Bridal shops are buzzing, matching each bride to her perfect gown

Romona Keveza gown, $3,510, Chapel length veil with floor-length blusher, $320, both from Ready or Knot {Wedding Chic} Special appearance by Honey the bunny courtesy of the Nebraska Humane Society


After a flurry of holiday proposals and a quick flip of the calendar, the wedding-planning season is officially under way.

“January is a crazy, fun month of holiday engagement stories, gown appointments and bridal fairs,” said Jenni Alexander of Sublime Bridal at Shops of Legacy.

“After Christmas, it's pure craziness — but in a good way,” said Jocelyn Robertshaw of Ready or Knot {Wedding Chic} at Rockbrook Village.

At My Blue Whimsy in Fremont, Neb., brides were calling to book fittings the day after Christmas, said shop owner Lisa Lamb.

December is the biggest proposal month of the year, with Christmas Day and New Year's Eve the most popular proposal days, according to a survey of 20,000 newlyweds by TheKnot.com. (Valentine's Day and Thanksgiving also rank at the top of the proposal day list.)

But the current bridal frenzy isn't just limited to newly engaged brides eager to find just the right dress for the wedding of their dreams.

July to early November brides are shopping, too, said Robertshaw. Some of those brides are motivated by countdowns that seem more urgent with the new calendar year; others simply are home for the holidays and want to get as much done as possible with help from family members.

In addition to increased foot traffic, local boutiques have seen a spike in online activity, presumably from newly engaged women researching products and services. On New Year's Eve, hits to Ready or Knot's website were at an all-time high for the year.

For most brides, dress shopping is one of the most exciting steps in the wedding-planning process.

It's rare for a newly engaged woman to delay, associates at Sublime Bridal at Shops of Legacy said in an online interview.

“A few girls even called to book fittings before the holidays in anticipation of getting a ring for Christmas,” said Lamb of My Blue Whimsy.

When she made a follow-up call to confirm one of those appointments, Lamb inadvertently tipped off a groom that his girlfriend was expecting a proposal.

“He was shocked. He couldn't figure out how I knew that he was intending to pop the question,” Lamb said, still embarrassed.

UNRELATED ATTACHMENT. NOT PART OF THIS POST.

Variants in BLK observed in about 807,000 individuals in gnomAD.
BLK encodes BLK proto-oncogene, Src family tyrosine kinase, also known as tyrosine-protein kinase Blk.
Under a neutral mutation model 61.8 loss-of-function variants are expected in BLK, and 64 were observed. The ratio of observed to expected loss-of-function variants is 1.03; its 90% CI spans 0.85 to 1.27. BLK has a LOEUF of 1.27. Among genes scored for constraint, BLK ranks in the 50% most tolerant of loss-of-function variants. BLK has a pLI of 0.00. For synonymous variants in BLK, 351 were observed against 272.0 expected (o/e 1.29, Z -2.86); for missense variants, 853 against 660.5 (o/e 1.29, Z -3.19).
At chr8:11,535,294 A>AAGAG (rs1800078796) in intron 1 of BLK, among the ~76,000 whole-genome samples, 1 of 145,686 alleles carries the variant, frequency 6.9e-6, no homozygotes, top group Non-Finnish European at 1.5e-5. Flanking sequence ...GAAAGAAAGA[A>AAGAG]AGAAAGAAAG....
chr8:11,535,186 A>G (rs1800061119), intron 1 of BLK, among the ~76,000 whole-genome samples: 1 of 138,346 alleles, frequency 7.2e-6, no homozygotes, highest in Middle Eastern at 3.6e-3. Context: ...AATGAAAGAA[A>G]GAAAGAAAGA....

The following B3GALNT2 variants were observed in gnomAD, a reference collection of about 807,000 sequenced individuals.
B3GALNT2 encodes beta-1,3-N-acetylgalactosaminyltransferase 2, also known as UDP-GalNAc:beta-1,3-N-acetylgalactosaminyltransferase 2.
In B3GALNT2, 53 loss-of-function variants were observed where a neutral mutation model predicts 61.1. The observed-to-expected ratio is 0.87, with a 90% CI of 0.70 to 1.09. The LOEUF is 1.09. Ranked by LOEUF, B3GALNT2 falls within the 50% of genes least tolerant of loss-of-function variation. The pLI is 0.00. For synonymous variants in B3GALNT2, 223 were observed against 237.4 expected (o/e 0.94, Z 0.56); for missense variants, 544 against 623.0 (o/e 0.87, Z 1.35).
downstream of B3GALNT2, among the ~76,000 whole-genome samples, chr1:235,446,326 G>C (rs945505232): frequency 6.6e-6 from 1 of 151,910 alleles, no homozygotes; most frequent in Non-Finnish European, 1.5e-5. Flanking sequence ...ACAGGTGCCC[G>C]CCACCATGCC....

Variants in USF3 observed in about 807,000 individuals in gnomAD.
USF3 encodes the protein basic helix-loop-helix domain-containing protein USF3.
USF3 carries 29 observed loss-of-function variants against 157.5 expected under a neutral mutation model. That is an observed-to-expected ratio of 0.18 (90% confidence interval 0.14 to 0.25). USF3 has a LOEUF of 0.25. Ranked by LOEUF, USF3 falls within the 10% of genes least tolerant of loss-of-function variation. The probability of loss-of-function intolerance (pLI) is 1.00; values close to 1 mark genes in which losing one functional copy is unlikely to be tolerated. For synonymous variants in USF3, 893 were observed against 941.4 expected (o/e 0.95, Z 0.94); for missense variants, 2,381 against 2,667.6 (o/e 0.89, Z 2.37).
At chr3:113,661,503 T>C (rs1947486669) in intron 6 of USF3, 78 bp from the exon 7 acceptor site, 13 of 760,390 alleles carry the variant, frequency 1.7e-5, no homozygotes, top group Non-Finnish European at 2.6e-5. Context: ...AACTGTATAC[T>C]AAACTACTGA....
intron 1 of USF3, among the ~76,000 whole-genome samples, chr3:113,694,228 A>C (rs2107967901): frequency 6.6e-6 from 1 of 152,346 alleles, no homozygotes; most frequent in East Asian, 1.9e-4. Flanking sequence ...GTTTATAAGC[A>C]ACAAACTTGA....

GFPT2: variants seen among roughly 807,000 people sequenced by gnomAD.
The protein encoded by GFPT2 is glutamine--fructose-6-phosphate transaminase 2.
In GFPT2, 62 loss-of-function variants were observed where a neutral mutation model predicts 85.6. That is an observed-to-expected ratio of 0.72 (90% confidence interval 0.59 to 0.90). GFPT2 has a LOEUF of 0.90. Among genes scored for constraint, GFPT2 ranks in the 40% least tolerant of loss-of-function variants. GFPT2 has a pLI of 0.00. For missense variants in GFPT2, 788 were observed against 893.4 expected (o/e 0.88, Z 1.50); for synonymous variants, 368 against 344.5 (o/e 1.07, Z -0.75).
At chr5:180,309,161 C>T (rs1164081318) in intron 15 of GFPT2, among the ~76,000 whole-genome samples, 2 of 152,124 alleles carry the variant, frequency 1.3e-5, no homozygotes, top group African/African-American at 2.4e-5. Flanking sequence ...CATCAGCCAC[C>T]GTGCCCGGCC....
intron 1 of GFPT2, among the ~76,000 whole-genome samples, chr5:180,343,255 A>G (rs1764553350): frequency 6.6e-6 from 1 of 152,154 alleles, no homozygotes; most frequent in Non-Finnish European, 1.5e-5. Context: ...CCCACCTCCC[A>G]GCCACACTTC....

Many of the brides Lamb works with haven't decided on what type of wedding they want when they go dress shopping. More and more don't seem to be concerned with fitting a dress to a venue, she said. They pick a dress they love and then make other choices based on the gown.

Flirty tulle styles with high-low hemlines (short in the front, longer in the back) are getting a lot of attention at Lamb's boutique. Brides also are loving the drape of Mikado satin, a polyester weave that looks like real silk.

Omahan Sarah Stormberg was taking a little time to decide on her wedding day look.

“I really hadn't thought about my dress until now,” she said in a phone interview a week after she became engaged. “I had to let it sink in for a couple of days.”

Boyfriend Ben Estep's proposal on Christmas Day, she explained, came as a shock, even though the couple had dated for seven years and had talked about marriage.

Stormberg, 26, is an image consultant and a partner with online marketplace Esoteric Velvet. She said she probably would delay her dress hunt until she and her fiance, who is 25 and lives and works in Kansas City, decided when and where they would be married.

“We could have a big family wedding or an intimate destination wedding. Each would require its own special style of dress.”

When she does go dress-shopping, she wants to go with her mother, who has been a huge influence on her personal style, Stormberg said.

This week, the bride-elect is concentrating on her playlist for the ceremony and reception.

“I already know what song I want for the father-daughter dance,” she said. “I love music. Who knows? Maybe a song will inspire my wedding theme.”

the perfect dress

Dresses have a way of “speaking” to brides. It's hard to explain, but something magical happens when a bride slips into the dress of her dreams. It's like pulling a rabbit out of a hat or being suspended in air. You can hardly believe your eyes. But, yes, that's really you in the mirror.

Dress Shopping Tips

» While it can be fun to shop with an entourage, it's generally not advised. “Everybody will have a different opinion about what you should wear,” cautions Jocelyn Robertshaw of Ready or Knot {Wedding Chic}. She encourages brides to shop with a mother or a friend. “Occasionally, a bride will come in with her fiance, or a male friend,” Robertshaw said. “I love that. The guys will tell a bride straight up if a dress doesn't work.”

» Don't expect to find “the dress” right away. “I've never had a bride make a selection on her first visit,” said Lisa Lamb of My Blue Whimsy. “It usually takes two visits before a bride is ready to buy.”

» While walk-ins usually can be accommodated, it's best to book an appointment. That way, the bridal consultant can give you his or her undivided attention.

» For a low-stress experience, shop on a weekday instead of a weekend when bridal boutiques are their busiest. Take a day off work just to dress-hunt.

» Shop with an idea of what kind of the bride you want to be (elegant, classy, glamorous, sexy) and the kind of wedding you want to have (rustic, vintage, formal, destination).

» Keep an open mind. Consultants at Sublime Bridal tell brides: “While you want to stay true to you, you may never know how great you can look if you don't try something that may, on the hanger, seem a little outside of your box.”

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